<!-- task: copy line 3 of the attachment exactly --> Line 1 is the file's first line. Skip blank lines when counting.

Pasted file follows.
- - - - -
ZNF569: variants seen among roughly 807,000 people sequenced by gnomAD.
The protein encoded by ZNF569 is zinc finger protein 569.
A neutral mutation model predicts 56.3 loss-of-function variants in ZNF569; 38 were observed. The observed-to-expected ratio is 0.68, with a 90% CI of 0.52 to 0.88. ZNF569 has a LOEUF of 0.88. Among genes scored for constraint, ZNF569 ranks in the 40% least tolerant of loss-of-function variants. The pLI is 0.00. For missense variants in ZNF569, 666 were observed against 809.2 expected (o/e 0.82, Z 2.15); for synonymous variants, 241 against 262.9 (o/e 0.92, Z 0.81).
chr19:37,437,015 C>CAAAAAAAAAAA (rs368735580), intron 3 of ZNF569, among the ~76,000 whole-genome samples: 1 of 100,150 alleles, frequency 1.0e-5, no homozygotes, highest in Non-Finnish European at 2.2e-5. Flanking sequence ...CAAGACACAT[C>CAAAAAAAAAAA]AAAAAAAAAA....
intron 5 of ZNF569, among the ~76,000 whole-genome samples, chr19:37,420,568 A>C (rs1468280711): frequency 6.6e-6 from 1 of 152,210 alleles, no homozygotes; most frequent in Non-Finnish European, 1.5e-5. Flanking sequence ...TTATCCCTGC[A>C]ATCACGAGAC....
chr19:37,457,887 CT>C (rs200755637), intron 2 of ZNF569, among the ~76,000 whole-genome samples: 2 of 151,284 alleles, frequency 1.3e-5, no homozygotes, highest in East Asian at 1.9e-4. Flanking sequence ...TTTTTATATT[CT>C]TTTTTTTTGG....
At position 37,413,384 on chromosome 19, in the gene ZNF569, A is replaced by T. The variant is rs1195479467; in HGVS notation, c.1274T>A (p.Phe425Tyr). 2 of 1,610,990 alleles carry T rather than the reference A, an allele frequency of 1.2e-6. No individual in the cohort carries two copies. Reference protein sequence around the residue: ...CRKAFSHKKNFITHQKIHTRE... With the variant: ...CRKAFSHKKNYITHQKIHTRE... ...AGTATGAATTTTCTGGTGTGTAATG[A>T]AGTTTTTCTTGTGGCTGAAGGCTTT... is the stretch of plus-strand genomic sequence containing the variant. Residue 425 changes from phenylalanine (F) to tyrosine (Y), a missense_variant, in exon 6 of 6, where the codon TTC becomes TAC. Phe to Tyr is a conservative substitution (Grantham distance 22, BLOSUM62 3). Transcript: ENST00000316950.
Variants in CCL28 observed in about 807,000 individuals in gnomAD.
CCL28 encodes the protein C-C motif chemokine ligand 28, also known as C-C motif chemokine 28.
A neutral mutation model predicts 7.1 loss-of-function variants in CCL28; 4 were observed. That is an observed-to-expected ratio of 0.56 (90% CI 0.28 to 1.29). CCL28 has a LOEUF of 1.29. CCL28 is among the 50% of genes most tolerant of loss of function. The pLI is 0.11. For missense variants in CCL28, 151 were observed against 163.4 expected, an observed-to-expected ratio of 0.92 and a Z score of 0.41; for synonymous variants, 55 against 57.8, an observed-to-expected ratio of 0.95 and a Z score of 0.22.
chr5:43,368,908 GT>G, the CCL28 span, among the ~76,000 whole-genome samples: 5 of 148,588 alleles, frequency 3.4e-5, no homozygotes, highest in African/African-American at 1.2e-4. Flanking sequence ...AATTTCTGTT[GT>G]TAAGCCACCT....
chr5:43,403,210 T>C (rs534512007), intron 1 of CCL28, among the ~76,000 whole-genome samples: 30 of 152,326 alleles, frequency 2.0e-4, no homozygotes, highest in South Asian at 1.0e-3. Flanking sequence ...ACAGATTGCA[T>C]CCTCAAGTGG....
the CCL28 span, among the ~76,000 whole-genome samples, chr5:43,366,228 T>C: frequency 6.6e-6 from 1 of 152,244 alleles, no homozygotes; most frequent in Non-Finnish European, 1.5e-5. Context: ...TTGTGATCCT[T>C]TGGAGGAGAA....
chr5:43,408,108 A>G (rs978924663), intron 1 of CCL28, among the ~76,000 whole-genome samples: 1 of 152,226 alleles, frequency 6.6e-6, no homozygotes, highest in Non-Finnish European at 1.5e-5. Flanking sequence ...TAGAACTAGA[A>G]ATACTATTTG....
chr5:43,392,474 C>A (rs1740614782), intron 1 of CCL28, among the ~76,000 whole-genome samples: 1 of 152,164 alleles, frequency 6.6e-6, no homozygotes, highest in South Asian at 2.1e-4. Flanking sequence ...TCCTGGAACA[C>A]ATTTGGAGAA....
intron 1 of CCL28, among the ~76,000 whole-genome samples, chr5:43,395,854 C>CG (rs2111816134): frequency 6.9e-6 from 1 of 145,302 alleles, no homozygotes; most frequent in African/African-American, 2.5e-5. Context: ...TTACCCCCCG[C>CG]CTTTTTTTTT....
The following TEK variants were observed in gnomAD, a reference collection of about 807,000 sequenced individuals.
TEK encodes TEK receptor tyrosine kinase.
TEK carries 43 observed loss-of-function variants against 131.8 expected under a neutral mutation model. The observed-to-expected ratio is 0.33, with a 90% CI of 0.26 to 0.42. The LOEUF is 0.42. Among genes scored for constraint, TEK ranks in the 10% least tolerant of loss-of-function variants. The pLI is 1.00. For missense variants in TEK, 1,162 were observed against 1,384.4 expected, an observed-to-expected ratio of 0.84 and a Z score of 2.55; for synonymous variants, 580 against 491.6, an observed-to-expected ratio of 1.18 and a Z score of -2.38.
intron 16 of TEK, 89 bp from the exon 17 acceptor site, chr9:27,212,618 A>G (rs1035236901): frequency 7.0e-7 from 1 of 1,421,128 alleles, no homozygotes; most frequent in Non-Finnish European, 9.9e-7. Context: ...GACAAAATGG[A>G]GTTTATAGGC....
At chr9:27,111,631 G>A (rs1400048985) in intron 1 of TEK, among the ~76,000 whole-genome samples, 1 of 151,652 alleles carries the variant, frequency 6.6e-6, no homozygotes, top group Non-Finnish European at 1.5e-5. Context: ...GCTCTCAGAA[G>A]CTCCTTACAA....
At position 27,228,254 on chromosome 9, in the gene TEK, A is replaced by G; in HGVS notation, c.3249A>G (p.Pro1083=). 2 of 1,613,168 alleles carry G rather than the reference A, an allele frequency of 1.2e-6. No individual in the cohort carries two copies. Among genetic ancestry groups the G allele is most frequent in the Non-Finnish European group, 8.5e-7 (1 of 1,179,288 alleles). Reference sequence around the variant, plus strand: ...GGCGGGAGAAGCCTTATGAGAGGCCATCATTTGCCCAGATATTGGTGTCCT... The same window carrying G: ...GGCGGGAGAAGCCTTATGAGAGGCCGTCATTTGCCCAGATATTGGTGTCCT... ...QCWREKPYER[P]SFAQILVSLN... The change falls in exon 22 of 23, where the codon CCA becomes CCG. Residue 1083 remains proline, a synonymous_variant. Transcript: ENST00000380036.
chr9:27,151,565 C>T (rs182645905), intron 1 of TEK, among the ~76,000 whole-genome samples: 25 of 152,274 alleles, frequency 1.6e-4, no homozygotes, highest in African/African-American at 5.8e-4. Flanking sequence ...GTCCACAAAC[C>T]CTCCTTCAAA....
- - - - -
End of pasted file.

A neutral mutation model predicts 56.3 loss-of-function variants in ZNF569; 38 were observed. The observed-to-expected ratio is 0.68, with a 90% CI of 0.52 to 0.88. ZNF569 has a LOEUF of 0.88. Among genes scored for constraint, ZNF569 ranks in the 40% least tolerant of loss-of-function variants. The pLI is 0.00. For missense variants in ZNF569, 666 were observed against 809.2 expected (o/e 0.82, Z 2.15); for synonymous variants, 241 against 262.9 (o/e 0.92, Z 0.81).